Baltimore City seal - click for Home The Baltimore City Circuit Court
& Baltimore Bar Library Art Collection
in Connection with the Maryland State Archives

MSA SC 5590

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Mitchell Courthouse and Battle Monument            
Interior of Baltimore Bar Library
Exterior of Courthouse East  
Portraits and Artworks in the
Clarence M. Mitchell Jr. Courthouse

Portraits in the
Baltimore Bar Library

Portraits and Artworks in the
Elijah E. Cummings Courthouse

In June of 1896, upon the laying of the cornerstone for the courthouse now named for Clarence M. Mitchell, Jr., U.S. Senator William Pinkney Whyte urged the members of the legal profession to honor the memory of their leaders by displaying their portraits on the walls of the building, "that they may excite the rising generation of lawyers to emulate their example." Today, more than a hundred years later, the Baltimore City Circuit Court, encompassing the Mitchell Building as well as Courthouse East, contains more than 85 portraits of people who have served the Court from its earliest history through to the present day. The collection includes the work of such celebrated American artists as Thomas C. Corner, Charles Yardley Turner, Simmie Knox, R. McGill Mackall and Edwin Howland Blashfield. The history of the Baltimore City Circuit Court and Bar can be traced through the faces in these portraits. In addition, five murals depicting pivotal scenes in Maryland history are part of the permanent architecture of the Mitchell Building.

The idea of preserving and properly documenting the portrait paintings and their locations was first championed by Joseph R. Byrnes in 1936 , then a deputy clerk, who would later become an Associate Judge of the Supreme Bench of Baltimore City, a Maryland Senator and president of the Maryland Senate. In subsequent years, this cause was furthered by his son the Hon. John Carroll Byrnes, along with the Hon. James F. Schneider, and the Hon. M. Brooke Murdock. Judge Schneider, as historian and archivist of the Court, amassed a tremendous amount of information about the individual portraits and their provenances, forming the nucleus of a historical catalogue of the collection. Today, the art collection continues to be preserved and enlarged under the direction of The Baltimore Courthouse and Law Museum Foundation, Inc.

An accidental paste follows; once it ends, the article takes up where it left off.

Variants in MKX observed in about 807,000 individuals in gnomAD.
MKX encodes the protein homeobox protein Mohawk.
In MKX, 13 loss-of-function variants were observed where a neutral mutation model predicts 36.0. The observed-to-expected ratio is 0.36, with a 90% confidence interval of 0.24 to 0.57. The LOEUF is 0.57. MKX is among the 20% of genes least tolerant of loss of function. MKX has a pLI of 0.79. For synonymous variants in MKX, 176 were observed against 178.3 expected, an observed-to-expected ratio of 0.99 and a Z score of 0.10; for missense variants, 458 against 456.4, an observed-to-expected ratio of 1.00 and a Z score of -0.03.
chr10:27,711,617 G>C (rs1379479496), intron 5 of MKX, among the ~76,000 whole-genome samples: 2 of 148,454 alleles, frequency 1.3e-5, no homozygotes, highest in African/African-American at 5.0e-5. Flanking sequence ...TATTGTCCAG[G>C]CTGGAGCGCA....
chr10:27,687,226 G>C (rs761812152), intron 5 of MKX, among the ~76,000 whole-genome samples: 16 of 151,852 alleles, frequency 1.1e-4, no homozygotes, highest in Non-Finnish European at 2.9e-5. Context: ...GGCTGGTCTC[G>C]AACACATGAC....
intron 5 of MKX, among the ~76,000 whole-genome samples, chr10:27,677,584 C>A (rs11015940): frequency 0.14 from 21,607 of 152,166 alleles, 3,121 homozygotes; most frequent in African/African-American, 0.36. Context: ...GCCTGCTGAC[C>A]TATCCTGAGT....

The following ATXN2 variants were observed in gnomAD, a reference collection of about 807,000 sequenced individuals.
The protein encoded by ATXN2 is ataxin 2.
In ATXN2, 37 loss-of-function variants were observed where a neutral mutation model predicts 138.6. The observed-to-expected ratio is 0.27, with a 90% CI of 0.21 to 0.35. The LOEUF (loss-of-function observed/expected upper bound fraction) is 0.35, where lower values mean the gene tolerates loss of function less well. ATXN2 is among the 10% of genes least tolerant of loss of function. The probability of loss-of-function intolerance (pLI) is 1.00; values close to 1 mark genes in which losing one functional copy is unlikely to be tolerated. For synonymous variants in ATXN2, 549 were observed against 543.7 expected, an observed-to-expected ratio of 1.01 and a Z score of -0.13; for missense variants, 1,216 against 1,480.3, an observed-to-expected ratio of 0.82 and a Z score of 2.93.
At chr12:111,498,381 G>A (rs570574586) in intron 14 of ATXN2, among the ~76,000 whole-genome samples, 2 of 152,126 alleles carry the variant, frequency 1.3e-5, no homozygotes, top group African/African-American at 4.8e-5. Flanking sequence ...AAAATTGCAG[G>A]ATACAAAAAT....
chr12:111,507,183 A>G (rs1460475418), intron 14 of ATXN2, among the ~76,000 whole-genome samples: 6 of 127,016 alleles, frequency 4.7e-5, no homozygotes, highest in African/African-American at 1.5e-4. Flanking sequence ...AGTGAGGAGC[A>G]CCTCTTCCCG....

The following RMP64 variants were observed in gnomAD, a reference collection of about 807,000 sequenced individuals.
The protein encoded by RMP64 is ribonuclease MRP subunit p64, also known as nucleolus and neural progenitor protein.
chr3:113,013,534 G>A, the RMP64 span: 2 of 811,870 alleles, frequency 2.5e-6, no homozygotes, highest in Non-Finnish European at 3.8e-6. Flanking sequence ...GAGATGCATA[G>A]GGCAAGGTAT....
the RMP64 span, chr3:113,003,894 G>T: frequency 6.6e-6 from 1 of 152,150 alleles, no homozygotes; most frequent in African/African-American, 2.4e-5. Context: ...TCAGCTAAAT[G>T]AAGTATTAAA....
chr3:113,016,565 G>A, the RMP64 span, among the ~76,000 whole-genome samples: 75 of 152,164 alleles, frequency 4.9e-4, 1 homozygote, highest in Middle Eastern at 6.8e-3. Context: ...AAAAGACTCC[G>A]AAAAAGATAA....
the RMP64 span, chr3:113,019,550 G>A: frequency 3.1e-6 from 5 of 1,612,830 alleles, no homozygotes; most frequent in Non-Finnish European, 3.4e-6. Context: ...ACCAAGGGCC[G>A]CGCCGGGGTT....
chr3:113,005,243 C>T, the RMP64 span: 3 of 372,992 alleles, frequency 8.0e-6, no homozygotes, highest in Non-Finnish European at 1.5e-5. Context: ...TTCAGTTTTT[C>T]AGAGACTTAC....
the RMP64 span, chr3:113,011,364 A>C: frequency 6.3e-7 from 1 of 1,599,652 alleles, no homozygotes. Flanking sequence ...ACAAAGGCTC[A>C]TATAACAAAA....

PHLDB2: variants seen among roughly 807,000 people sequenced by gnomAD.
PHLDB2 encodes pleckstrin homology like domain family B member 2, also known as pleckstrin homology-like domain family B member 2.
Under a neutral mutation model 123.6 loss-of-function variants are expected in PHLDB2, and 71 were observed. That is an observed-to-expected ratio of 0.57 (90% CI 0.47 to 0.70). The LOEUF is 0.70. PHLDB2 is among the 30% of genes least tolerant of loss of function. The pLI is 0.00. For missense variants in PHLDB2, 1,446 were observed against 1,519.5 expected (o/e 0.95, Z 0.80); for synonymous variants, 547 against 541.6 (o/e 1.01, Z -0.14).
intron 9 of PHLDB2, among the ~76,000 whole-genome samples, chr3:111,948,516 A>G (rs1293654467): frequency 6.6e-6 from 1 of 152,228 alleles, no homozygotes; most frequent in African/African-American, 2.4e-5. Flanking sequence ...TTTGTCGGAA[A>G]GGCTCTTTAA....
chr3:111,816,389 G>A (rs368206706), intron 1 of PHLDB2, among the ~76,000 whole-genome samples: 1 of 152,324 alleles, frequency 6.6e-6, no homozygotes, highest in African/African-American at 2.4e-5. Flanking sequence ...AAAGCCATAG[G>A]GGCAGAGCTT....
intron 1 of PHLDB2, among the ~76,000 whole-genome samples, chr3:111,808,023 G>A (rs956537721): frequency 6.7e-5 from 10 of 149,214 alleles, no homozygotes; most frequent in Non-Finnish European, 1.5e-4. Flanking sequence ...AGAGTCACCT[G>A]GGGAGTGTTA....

In recent years, the Portrait Committee of the Baltimore City Circuit Court has sought the expertise of museum professionals to advise on the display and preservation of these important historical works of art. In the summer of 2004, to enhance public access to the collection, the Court sponsored an internship at the Maryland State Archives to create a catalogue of the portrait collection. As part of this project, each portrait was digitally photographed and complete biographical information about the subject was assembled.

Not every judge who presided on the Sumpreme Bench and Circuit Courts of Baltimore City were honored by having a portrait painting of their likeness on display at the courthouses. However, photographs of past and current judges adorn the fourth, fifth and sixth floors of the Clarence M. Mitchell, Jr. Courthouse.

The dimensions indicated in this catalog include the portraits and their frames. Many of the portraits on display in the courthouses are of judges and lawyers considered to be the leading legal minds of their day. These honored men were named by a courthouse committee as the pre-eminent Maryland lawyers and judges of the 18th and 19th Centuries. The names of these pre-eminent men are inscribed around the plaster frieze at the base of the dome of the Supreme Bench courtroom in the Clarence M. Mitchell Jr. Courthouse.

As part of the centennial celebration of the Clarence M. Mitchell Jr. Courthouse, forty-eight judges and lawyers were honored as the preeminent Baltimore lawyers and judges of the 20th century. A board of 22 respected members of the Baltimore bench and bar made the selections. To be eligible for nomination several factors were established: the honoree had to be deceased; the nominee needed to have a significant connection to Baltimore City; and the nominee not only had to excel in the legal profession, but also had to have performed meaningful public good outside of the profession itself.

Research and design by Christopher J. Kintzel, Registrar, Special Collections

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